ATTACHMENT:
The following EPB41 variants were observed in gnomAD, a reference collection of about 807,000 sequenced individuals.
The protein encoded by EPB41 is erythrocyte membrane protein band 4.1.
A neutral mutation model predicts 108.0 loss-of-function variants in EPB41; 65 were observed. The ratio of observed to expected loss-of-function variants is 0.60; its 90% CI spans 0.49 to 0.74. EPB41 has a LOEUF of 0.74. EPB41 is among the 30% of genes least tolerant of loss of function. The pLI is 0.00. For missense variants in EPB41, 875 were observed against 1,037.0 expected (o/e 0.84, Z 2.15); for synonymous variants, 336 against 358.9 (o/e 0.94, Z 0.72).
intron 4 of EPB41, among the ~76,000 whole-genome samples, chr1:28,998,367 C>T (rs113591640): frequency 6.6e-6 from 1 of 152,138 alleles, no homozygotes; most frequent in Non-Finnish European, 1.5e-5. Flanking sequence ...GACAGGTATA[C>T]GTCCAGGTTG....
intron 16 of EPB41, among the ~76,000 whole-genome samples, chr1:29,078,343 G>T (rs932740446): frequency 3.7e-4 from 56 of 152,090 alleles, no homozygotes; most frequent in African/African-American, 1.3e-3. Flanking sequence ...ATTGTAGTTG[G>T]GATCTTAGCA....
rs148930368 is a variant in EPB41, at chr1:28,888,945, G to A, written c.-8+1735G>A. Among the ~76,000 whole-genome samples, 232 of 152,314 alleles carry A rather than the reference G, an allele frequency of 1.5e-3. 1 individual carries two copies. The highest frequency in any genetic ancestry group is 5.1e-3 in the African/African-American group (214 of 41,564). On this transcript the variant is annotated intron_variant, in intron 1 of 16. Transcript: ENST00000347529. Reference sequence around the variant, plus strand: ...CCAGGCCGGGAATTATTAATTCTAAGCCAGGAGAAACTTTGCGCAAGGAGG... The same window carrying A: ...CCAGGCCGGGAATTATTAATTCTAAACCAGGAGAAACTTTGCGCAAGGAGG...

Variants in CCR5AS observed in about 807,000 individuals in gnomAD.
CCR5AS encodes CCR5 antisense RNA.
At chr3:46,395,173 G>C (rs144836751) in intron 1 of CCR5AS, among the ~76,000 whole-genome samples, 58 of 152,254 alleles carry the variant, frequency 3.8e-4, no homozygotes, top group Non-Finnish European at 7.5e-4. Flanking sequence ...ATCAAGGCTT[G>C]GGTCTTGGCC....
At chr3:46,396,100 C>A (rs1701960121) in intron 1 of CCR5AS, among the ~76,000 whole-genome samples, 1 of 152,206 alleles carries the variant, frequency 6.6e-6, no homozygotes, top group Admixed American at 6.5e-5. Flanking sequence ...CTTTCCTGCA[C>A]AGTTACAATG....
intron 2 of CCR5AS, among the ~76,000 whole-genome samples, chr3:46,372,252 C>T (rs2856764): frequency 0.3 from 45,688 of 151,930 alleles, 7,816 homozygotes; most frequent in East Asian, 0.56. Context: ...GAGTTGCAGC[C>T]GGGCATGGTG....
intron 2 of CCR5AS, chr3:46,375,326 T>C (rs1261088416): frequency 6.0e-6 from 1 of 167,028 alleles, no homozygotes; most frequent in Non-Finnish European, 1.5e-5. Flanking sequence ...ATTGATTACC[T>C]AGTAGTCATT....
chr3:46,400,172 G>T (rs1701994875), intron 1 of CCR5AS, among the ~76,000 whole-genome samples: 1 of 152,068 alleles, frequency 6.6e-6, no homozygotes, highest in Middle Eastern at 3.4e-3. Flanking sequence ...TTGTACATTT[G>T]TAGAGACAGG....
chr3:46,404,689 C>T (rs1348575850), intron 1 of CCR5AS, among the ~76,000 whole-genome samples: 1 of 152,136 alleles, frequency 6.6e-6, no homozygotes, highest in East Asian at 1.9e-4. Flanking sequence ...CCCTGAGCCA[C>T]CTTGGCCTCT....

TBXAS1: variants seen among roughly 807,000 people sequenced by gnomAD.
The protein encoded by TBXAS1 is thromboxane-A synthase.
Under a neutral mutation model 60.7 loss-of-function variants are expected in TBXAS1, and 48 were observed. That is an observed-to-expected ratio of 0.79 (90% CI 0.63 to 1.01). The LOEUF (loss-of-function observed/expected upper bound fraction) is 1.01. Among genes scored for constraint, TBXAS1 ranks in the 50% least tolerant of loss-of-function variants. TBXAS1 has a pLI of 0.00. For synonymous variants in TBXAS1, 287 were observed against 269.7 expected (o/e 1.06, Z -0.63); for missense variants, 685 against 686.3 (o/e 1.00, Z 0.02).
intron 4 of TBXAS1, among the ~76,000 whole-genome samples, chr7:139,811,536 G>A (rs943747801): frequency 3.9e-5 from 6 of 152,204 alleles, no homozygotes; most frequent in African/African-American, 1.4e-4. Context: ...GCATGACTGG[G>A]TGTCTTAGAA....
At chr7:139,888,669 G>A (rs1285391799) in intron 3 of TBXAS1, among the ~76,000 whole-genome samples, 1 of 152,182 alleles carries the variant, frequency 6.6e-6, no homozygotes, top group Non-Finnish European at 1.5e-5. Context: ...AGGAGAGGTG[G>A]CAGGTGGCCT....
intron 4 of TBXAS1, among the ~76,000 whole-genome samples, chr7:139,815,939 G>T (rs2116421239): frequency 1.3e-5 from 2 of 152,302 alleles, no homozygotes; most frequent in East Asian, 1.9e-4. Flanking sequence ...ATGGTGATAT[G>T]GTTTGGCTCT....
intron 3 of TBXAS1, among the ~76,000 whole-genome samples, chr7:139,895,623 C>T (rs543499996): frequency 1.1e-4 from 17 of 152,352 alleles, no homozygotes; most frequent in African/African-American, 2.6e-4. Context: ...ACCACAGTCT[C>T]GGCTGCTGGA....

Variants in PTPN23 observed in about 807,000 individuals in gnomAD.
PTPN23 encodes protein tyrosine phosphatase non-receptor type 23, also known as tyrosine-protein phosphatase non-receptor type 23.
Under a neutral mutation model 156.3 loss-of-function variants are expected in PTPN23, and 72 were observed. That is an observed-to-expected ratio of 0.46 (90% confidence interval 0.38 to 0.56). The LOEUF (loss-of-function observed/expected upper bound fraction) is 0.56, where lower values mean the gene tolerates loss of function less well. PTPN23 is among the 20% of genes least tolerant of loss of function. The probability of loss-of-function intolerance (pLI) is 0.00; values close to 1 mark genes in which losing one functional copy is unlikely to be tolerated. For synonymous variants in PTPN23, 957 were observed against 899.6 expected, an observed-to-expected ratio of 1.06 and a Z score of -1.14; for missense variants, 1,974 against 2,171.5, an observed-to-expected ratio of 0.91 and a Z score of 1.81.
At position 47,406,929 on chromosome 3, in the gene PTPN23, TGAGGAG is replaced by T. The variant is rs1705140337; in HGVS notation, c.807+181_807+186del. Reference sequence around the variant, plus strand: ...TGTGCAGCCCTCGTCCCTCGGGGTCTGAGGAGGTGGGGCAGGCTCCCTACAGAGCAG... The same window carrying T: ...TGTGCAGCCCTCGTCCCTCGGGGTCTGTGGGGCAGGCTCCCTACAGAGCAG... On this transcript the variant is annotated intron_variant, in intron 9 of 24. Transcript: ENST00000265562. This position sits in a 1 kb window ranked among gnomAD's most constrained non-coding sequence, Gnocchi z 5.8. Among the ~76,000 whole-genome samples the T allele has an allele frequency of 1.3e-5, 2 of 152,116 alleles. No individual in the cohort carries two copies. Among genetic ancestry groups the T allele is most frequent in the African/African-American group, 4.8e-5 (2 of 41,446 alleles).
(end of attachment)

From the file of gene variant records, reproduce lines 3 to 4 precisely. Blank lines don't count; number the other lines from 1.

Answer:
A neutral mutation model predicts 108.0 loss-of-function variants in EPB41; 65 were observed. The ratio of observed to expected loss-of-function variants is 0.60; its 90% CI spans 0.49 to 0.74. EPB41 has a LOEUF of 0.74. EPB41 is among the 30% of genes least tolerant of loss of function. The pLI is 0.00. For missense variants in EPB41, 875 were observed against 1,037.0 expected (o/e 0.84, Z 2.15); for synonymous variants, 336 against 358.9 (o/e 0.94, Z 0.72).
intron 4 of EPB41, among the ~76,000 whole-genome samples, chr1:28,998,367 C>T (rs113591640): frequency 6.6e-6 from 1 of 152,138 alleles, no homozygotes; most frequent in Non-Finnish European, 1.5e-5. Flanking sequence ...GACAGGTATA[C>T]GTCCAGGTTG....